I attended a one-hour session billed as ‘Learn your Ipad’ at the Apple Store in Newmarket. There were eight of us – all seniors on stools around on of the giant display tables. There were three other classes going on around us. The store didn’t open until 11 o’clock, but people were lined up outside, leaning on the railing watching. I though, what the hell is so important that you’d give up a couple of hours of free time on Sunday morning to rush into the Apple Store? I can’t imagine the chaos that was Black Friday.
The young man who facilitated the session probably knew his stuff, but he had no idea how to present material to adult learners – older adult learners. After asking how proficient the folks were – except for me, they were newbies – he touched briefly on settings and logging on to wi-fi, but then he jumped into how to upload photos, make videos and edit photo albums. I kept thinking, this is so wrong – these are not tech-savving 20 somethings. Start with the basics – this is how you turn on your device, this is how you enter your data, set up an account, download apps. Some of them didn’t even have an Apple ID, which is the key to downloading from iTunes.
I got a bit out of it, but not what I’d hoped. Of course the other folks were discombobulated. I spent half the time running between two ladies and another gentleman showing them how to do simple things like finding the apps he was talking about. One man had heard of Skype but had no idea how to do it; another woman just wanted to set up her gmail and close web pages in Safari. Another gentleman said he’d run his own companies for 50 years but had never been so frustrated. Very unfortunate.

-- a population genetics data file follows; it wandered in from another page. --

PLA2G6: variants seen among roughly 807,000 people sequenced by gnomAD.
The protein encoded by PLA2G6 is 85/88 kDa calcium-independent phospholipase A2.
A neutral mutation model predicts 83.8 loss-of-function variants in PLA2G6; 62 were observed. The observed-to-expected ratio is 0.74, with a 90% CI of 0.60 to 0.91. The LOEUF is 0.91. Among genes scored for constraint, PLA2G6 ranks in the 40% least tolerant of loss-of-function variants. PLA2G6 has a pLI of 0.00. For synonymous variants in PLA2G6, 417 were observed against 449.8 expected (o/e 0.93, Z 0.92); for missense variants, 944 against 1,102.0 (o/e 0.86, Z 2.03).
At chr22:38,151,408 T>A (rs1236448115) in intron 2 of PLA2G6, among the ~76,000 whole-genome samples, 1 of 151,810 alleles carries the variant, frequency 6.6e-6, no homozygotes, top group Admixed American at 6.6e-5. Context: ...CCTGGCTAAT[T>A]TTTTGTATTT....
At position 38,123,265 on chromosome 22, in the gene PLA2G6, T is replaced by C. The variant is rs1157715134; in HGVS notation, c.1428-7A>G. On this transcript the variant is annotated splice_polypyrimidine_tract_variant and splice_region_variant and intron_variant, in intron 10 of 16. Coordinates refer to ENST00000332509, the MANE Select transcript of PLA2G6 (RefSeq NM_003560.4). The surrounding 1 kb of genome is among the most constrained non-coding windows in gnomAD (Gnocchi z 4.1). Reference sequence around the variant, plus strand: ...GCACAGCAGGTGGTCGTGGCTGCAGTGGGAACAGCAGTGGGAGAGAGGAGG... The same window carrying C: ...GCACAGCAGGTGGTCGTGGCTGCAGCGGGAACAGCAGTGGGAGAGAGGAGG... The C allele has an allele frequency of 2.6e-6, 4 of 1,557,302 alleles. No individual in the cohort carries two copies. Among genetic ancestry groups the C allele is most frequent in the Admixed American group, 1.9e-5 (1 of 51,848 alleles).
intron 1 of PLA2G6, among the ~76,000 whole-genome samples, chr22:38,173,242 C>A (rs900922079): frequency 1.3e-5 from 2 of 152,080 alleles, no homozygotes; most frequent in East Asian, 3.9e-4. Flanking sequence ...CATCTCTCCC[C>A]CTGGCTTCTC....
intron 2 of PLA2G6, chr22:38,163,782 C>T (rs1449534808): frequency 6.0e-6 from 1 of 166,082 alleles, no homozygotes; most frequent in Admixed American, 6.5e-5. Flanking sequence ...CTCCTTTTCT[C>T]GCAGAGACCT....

When I think of all of the money the folks at the table had spent on Apple products, I was puzzled by the lack of attention paid to the older demographic – we have the disposable income and the time. I realized the products sell themselves – the company obviously doesn’t have to do much of anything by way of customer service.
I sat there thinking boy, what an opportunity this would be for an entrepreneur. Classes for senior learners – tablets and PCs. A couple of hours of Q&A in a setting where they weren’t overwhelmed by background music and too many Apple Geniuses in their snappy get-ups.
Even though I’ve a veteran PC user and love Android, learning Apple-speak wasn’t that difficult – in part because I’m not afraid of the technology. My classmates kept thinking they’d do something wrong and break their devices. The instructor didn’t give them the reassurance that iCloud gives them the flexibility to try out new things. And the apps – that’s why I invested in an iPad – to have access to more apps than I will ever use. But I love the challenge. And so many of them are free.
I asked why there wasn’t one class for beginning users and one for advanced – out of self-interest, of course. He said they used to have separate classes but people kept signing up for the wrong one. My consultant voice piped up, ‘why not have a short questionnaire online so you can find out the level of knowledge in advance’. He gave me a blank stare. So I hushed up and let him do his thing.
The store should have provided a handout – a simple how-to with links to their training material. It’s on the website, but it’s hard to find. Before we left, I gave my classmates the URL for the YouTube videos they could watch to learn their iPads. There’s so much dreck out there, but my goodness, if you can get beyond the yuck-inducing Jackass stunts or cat and dog videos there’s a ton of good stuff if you just know where to look.